His mother always called him “a slugger.” At thirteen, he was urged to change schools, and he sees himself as a street fighter rather than a bookworm. “What is written is from yesterday or even older,” he says. So how is it that Jos van Esch, now 75 years old, has filed six important high-tech patents and is now disrupting the medical world with two of his inventions, from the village of Bergeijk, the Netherlands?
A tobacco machine that runs on artificial intelligence, an automatic asparagus harvester, a smart second packaging for medicines, and a box to store and return unused pills: these are just a few of the innovations that Jos van Esch has patented. At the moment, the 75-year old from Walik is mainly active with the last two, but that could change if he gets angry spontaneously about some illogical or inefficient action by mankind. Because if you look at Van Esch’s life history, you see mainly assertive rebelliousness as the driving force behind his urge for innovation. Lack of challenge in himself and inefficient behavior in his environment led to important steps time and again.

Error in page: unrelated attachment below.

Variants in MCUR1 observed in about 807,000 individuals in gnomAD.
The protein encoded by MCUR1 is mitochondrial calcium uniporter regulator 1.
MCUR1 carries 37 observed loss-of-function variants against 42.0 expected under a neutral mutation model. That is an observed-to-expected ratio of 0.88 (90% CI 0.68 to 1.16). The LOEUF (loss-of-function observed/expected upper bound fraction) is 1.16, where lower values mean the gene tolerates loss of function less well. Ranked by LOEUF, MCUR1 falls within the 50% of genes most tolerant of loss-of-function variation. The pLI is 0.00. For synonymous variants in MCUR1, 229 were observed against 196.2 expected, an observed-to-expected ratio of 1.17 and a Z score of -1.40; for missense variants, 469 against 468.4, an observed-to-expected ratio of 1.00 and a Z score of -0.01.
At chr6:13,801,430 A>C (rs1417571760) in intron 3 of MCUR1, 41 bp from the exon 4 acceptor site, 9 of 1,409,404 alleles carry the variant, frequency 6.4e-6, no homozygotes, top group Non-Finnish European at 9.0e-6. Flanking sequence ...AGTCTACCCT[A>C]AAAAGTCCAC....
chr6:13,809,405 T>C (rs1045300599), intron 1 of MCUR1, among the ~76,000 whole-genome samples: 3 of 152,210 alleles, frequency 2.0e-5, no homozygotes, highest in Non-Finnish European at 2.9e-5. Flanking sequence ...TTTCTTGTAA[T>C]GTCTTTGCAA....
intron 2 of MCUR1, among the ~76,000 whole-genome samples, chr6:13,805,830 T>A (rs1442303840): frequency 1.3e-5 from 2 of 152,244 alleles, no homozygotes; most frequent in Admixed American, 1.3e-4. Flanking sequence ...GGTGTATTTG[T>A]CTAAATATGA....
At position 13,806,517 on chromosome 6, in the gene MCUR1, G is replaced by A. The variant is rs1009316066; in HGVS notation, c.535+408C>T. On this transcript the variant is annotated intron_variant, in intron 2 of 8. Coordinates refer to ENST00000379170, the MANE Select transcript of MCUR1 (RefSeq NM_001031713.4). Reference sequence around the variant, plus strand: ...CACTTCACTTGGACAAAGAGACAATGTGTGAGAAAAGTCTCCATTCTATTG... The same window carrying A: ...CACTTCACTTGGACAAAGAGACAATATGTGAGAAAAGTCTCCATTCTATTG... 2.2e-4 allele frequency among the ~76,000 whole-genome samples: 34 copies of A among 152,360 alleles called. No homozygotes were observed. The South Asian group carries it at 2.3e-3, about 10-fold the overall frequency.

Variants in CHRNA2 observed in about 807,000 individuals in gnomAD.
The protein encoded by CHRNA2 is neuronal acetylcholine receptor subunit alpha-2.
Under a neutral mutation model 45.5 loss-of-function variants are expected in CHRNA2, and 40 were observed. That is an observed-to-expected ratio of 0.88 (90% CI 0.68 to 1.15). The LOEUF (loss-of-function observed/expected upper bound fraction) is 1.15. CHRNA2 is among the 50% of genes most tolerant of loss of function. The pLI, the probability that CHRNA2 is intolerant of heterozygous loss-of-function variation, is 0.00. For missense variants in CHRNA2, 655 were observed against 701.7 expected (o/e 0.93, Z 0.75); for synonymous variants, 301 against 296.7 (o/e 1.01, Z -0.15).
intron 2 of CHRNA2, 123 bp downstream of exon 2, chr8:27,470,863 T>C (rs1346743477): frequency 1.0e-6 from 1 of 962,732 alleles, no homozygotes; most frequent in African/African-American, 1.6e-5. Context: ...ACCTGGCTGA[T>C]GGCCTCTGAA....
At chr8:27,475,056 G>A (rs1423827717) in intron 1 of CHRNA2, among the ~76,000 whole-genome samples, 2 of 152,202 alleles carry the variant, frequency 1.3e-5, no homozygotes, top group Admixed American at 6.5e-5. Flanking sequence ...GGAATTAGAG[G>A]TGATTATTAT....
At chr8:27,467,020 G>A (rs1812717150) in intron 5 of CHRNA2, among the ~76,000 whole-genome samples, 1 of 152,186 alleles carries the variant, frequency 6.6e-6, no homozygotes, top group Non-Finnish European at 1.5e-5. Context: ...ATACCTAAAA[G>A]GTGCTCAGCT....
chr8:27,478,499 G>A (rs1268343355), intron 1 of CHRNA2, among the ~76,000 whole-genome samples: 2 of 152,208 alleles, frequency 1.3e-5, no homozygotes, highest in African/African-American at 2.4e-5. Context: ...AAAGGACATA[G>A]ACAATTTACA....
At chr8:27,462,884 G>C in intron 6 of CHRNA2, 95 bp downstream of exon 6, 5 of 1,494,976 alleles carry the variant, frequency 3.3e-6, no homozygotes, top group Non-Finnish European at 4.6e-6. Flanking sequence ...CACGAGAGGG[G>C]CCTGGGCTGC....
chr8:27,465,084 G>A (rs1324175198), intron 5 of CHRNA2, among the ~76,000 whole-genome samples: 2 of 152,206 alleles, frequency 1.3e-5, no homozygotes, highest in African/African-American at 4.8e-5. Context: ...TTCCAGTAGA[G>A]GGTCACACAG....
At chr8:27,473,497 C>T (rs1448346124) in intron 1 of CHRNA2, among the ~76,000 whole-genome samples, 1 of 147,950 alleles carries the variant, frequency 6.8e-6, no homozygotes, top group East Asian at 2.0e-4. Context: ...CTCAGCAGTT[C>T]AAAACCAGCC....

He never had a ‘big plan’ but Jos van Esch’s career does follow a logical path. It shows circles from creativity to results to unrest and from there to new creativity, with new results. Until the restlessness strikes again and he makes his next step.
As a 13-year-old dropout, Van Esch – like so many in the Eindhoven region – ended up at the Philips company school. “My father said I should do something with technology. In those days, what my father said was the law, so I didn’t have much of a choice, but to be honest: he was right about the emphasis on technology. After I went through all the practice material of the four-year course in two years, I was then placed in the factory, the sketching workshop, as a sort of promotion.” There, as a teenager, he ended up on a crew that was allowed to make sketches for the fine-tuning of machines where, for one reason or another, something was rattling. “Wrong synchronization, for example, defects that the constructors themselves no longer had a solution for. That was a great learning experience, although at the time I looked at it differently. But that was mainly because I only had two weeks of vacation a year, much less than my friends who went to school.”